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Miners get more money and less time off

According to the 2008 AusIMM Remuneration and Employment Survey, the skills shortage has resulted in escalating salaries and more flexible work practices, but also longer working hours in mining.

According to AusIMM Chief Executive Michael Catchpole, the survey shows that the skills shortage has several related effects on companies and employees.

“There have been minor gains in retention overall, but our members’ view is that Australia’s professional skills base is stretched to capacity,” Mr Catchpole said.

The evidence of a dire skills shortage remains unchanged from the previous surveys, undertaken in 2005 and 2007. In the latest survey, approximately two thirds of respondents agreed that people at their workplace are under more pressure because of the skills shortage (68.4%), that the skills shortage had left them short staffed (64.5%) or that the skills shortage has meant their employer now pays more for less experienced personnel (66.8).

Salary data is consistent with this view, with an increase of 6.3% in the average salary for all respondents since 2007, to approximately $159,000. The highest increase in salary was at graduate commencement level, with an increase of 9.2%.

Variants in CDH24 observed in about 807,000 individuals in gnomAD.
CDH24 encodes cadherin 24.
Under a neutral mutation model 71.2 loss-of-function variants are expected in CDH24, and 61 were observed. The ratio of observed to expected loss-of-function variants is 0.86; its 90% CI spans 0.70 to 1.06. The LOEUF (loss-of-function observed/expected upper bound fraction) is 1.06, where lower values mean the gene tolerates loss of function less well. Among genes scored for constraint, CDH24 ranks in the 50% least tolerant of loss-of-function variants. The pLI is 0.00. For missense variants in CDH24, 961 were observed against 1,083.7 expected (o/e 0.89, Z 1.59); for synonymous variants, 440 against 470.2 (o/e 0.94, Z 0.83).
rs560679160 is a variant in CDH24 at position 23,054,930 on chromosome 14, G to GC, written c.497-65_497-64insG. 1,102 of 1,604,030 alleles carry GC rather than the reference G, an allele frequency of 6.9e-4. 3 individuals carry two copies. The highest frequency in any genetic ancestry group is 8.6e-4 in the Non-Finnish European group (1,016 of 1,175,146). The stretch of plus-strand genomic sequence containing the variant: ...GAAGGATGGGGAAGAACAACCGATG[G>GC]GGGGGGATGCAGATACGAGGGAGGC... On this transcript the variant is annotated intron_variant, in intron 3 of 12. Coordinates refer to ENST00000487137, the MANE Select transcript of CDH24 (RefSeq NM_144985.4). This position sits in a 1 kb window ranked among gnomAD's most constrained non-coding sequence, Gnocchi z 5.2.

“A salary analysis has also shown that the rewards of the mining boom are not spread equally between the genders, with an escalating gender pay gap at the different levels of responsibility in the industry,” Mr Catchpole said.

Professionals are working much longer hours in the current climate of skills shortage, with 73% indicating that they work more than 50 hours per week compared with only 53% in the 2007 Survey. The number of respondents who work at least one hour of overtime per week has jumped from 53% to 64%. On average, respondents work six hours of overtime per week. With high numbers of professionals experiencing work pressures, there appears to be less time available for mentoring or formal professional development.

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